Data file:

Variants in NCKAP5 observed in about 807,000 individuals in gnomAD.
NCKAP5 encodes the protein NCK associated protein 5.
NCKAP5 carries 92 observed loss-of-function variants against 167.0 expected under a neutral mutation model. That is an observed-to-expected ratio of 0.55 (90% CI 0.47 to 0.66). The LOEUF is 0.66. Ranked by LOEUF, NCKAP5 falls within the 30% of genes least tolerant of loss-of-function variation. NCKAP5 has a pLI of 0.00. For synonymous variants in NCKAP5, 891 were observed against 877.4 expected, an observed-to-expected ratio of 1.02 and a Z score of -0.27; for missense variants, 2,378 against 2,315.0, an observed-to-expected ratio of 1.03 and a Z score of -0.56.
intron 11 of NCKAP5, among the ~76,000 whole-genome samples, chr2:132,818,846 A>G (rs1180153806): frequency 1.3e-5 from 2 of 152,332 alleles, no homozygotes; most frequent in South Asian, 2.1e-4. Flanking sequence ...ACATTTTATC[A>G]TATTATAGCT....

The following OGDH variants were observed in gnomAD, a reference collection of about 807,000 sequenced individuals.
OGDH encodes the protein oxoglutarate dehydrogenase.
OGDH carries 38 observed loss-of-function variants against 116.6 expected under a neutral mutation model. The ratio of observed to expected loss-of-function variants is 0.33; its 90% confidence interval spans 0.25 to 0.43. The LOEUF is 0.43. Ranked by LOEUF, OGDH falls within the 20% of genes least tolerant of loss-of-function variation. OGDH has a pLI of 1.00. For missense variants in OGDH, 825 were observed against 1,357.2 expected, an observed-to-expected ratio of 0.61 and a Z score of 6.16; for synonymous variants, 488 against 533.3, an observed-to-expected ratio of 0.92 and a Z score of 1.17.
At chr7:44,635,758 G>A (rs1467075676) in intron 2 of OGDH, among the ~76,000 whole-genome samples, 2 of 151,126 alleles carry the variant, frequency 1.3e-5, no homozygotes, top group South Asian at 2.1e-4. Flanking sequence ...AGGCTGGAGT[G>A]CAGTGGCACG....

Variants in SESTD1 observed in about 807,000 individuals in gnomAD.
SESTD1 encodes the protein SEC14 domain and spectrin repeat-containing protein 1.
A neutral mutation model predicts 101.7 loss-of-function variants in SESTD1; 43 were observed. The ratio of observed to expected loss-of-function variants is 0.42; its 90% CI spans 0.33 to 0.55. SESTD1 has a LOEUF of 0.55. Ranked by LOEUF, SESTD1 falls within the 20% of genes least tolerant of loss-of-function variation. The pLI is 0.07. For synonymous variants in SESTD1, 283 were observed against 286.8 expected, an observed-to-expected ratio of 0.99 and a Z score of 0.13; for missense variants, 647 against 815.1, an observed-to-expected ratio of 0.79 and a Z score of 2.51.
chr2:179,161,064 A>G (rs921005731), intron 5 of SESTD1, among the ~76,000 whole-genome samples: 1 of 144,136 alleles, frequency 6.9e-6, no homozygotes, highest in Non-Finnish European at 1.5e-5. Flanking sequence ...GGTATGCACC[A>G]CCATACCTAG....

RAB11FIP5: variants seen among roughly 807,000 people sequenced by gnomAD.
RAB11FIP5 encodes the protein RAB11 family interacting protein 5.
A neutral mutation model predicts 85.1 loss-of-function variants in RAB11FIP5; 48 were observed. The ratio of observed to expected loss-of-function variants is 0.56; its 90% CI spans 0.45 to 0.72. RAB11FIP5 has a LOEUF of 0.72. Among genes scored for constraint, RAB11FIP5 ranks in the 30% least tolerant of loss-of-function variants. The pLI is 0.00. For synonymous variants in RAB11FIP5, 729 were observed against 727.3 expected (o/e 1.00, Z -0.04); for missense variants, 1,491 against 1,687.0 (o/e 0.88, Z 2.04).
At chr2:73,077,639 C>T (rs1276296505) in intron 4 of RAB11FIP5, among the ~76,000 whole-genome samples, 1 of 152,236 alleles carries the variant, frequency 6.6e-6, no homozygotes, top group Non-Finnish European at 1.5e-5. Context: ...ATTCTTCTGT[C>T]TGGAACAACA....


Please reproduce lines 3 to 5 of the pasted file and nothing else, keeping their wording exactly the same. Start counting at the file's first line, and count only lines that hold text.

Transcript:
NCKAP5 carries 92 observed loss-of-function variants against 167.0 expected under a neutral mutation model. That is an observed-to-expected ratio of 0.55 (90% CI 0.47 to 0.66). The LOEUF is 0.66. Ranked by LOEUF, NCKAP5 falls within the 30% of genes least tolerant of loss-of-function variation. NCKAP5 has a pLI of 0.00. For synonymous variants in NCKAP5, 891 were observed against 877.4 expected, an observed-to-expected ratio of 1.02 and a Z score of -0.27; for missense variants, 2,378 against 2,315.0, an observed-to-expected ratio of 1.03 and a Z score of -0.56.
intron 11 of NCKAP5, among the ~76,000 whole-genome samples, chr2:132,818,846 A>G (rs1180153806): frequency 1.3e-5 from 2 of 152,332 alleles, no homozygotes; most frequent in South Asian, 2.1e-4. Flanking sequence ...ACATTTTATC[A>G]TATTATAGCT....

The following OGDH variants were observed in gnomAD, a reference collection of about 807,000 sequenced individuals.